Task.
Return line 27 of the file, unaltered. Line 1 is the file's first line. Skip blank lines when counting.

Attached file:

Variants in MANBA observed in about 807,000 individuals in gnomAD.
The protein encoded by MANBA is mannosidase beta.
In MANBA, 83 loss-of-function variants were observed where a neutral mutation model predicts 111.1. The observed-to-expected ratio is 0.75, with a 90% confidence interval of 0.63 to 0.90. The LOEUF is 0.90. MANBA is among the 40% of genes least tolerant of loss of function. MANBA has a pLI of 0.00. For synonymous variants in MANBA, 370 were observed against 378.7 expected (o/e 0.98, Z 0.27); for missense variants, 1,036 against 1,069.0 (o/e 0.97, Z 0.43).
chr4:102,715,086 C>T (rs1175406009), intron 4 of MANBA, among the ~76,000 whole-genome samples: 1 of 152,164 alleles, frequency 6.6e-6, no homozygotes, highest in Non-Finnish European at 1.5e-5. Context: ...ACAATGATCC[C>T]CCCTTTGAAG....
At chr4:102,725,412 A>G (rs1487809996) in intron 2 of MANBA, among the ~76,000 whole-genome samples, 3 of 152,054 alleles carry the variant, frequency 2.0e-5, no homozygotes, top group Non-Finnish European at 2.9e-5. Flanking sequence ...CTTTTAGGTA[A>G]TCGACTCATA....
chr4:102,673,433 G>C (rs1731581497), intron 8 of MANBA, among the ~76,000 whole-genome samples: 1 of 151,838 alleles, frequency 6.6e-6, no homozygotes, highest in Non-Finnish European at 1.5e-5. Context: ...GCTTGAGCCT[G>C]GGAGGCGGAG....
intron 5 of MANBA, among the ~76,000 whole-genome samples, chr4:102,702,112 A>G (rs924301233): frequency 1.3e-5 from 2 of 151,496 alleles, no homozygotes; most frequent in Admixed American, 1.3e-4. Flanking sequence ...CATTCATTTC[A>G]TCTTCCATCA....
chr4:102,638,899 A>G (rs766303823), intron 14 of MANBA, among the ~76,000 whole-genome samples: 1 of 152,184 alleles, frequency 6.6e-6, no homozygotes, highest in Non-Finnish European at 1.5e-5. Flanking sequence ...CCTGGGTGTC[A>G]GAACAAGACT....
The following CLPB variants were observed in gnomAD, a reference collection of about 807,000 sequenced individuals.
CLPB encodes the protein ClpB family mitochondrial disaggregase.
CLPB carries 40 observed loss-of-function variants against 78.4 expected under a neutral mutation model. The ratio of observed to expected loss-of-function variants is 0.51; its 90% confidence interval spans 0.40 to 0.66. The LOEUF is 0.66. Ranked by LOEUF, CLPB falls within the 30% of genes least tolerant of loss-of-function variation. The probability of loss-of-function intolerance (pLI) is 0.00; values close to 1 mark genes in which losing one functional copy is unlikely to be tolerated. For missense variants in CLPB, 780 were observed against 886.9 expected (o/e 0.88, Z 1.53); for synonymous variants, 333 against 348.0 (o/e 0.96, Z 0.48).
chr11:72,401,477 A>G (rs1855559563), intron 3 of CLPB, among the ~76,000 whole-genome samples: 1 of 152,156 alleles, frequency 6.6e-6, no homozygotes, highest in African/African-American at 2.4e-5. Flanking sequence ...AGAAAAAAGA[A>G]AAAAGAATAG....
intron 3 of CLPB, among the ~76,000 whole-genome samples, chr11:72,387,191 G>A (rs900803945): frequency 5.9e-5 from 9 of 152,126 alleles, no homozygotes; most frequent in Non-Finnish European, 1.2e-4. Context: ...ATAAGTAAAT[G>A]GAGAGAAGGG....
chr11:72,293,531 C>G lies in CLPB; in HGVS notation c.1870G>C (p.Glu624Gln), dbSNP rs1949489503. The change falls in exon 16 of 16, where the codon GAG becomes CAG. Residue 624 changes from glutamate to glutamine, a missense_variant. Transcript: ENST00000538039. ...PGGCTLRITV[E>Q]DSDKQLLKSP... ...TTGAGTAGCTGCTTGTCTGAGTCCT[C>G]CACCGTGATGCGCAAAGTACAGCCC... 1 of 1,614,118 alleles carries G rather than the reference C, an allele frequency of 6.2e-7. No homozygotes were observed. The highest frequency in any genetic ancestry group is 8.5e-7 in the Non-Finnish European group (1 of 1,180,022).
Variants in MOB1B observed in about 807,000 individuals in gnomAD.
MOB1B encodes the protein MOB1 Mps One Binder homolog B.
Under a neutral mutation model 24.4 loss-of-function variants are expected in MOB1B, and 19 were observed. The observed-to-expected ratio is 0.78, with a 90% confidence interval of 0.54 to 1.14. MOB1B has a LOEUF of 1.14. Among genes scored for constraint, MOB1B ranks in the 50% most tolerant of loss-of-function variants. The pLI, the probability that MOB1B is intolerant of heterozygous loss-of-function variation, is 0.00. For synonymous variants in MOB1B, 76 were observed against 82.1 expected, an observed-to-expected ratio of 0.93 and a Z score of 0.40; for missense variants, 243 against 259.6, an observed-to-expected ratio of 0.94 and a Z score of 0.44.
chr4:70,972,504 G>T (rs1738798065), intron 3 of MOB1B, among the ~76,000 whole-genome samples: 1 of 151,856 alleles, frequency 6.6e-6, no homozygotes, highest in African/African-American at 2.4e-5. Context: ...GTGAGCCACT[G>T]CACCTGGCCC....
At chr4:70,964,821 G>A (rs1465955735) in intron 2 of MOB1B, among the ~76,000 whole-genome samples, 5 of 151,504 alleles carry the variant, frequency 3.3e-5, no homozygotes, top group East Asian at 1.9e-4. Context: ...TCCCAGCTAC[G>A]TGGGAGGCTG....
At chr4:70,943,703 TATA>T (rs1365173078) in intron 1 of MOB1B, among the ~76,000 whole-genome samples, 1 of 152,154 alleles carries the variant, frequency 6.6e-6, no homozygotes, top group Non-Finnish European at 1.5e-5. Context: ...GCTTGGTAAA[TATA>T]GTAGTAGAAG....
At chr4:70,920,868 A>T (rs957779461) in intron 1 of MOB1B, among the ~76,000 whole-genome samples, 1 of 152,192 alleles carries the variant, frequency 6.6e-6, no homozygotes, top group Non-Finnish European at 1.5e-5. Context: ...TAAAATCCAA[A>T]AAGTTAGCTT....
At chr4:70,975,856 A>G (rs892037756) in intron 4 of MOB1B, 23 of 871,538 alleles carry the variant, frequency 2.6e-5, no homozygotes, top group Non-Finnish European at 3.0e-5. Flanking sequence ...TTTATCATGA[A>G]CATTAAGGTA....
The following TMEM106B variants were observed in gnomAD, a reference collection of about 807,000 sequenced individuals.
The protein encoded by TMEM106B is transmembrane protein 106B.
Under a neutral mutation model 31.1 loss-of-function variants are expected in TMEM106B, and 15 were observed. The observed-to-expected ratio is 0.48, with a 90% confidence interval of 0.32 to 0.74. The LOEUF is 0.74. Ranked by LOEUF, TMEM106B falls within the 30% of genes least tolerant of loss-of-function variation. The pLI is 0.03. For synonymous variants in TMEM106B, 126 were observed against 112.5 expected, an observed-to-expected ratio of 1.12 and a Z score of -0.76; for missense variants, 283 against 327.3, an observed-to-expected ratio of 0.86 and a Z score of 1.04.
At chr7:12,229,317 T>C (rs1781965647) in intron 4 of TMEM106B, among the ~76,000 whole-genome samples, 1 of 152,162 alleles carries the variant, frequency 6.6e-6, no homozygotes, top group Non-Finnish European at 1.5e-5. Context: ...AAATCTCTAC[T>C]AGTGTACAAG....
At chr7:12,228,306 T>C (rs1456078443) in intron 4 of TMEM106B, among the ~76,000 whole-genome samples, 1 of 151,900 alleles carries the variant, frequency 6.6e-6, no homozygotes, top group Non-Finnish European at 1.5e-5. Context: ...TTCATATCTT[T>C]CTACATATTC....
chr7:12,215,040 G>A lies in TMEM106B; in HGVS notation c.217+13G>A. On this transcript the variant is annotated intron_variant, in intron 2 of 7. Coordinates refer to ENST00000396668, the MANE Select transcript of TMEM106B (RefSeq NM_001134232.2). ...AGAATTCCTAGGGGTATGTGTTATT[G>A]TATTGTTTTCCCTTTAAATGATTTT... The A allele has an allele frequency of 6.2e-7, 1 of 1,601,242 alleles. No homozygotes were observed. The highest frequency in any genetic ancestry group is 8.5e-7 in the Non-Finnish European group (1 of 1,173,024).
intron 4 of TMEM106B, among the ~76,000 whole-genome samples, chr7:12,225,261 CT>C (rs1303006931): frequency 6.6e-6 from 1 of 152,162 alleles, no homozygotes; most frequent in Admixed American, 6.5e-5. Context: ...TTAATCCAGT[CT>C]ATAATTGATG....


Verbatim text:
At chr7:12,228,306 T>C (rs1456078443) in intron 4 of TMEM106B, among the ~76,000 whole-genome samples, 1 of 151,900 alleles carries the variant, frequency 6.6e-6, no homozygotes, top group Non-Finnish European at 1.5e-5. Context: ...TTCATATCTT[T>C]CTACATATTC....